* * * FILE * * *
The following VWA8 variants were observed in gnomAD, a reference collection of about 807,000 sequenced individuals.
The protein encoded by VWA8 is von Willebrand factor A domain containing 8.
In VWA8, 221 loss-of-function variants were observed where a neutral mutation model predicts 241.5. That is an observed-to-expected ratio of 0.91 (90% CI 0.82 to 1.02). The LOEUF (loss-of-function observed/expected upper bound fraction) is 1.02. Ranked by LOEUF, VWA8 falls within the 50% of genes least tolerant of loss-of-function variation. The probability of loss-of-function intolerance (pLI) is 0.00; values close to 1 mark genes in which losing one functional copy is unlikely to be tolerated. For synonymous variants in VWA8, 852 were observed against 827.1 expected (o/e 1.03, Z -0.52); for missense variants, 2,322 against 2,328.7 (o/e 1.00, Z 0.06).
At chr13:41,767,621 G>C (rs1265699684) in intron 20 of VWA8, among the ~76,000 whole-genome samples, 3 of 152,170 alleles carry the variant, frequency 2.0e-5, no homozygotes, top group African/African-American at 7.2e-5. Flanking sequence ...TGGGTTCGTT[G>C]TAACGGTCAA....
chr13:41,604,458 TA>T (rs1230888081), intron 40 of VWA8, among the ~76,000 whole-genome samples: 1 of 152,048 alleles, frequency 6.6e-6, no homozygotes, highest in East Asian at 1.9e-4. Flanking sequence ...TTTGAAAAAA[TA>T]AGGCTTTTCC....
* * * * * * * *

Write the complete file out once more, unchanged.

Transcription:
The following VWA8 variants were observed in gnomAD, a reference collection of about 807,000 sequenced individuals.
The protein encoded by VWA8 is von Willebrand factor A domain containing 8.
In VWA8, 221 loss-of-function variants were observed where a neutral mutation model predicts 241.5. That is an observed-to-expected ratio of 0.91 (90% CI 0.82 to 1.02). The LOEUF (loss-of-function observed/expected upper bound fraction) is 1.02. Ranked by LOEUF, VWA8 falls within the 50% of genes least tolerant of loss-of-function variation. The probability of loss-of-function intolerance (pLI) is 0.00; values close to 1 mark genes in which losing one functional copy is unlikely to be tolerated. For synonymous variants in VWA8, 852 were observed against 827.1 expected (o/e 1.03, Z -0.52); for missense variants, 2,322 against 2,328.7 (o/e 1.00, Z 0.06).
At chr13:41,767,621 G>C (rs1265699684) in intron 20 of VWA8, among the ~76,000 whole-genome samples, 3 of 152,170 alleles carry the variant, frequency 2.0e-5, no homozygotes, top group African/African-American at 7.2e-5. Flanking sequence ...TGGGTTCGTT[G>C]TAACGGTCAA....
chr13:41,604,458 TA>T (rs1230888081), intron 40 of VWA8, among the ~76,000 whole-genome samples: 1 of 152,048 alleles, frequency 6.6e-6, no homozygotes, highest in East Asian at 1.9e-4. Flanking sequence ...TTTGAAAAAA[TA>T]AGGCTTTTCC....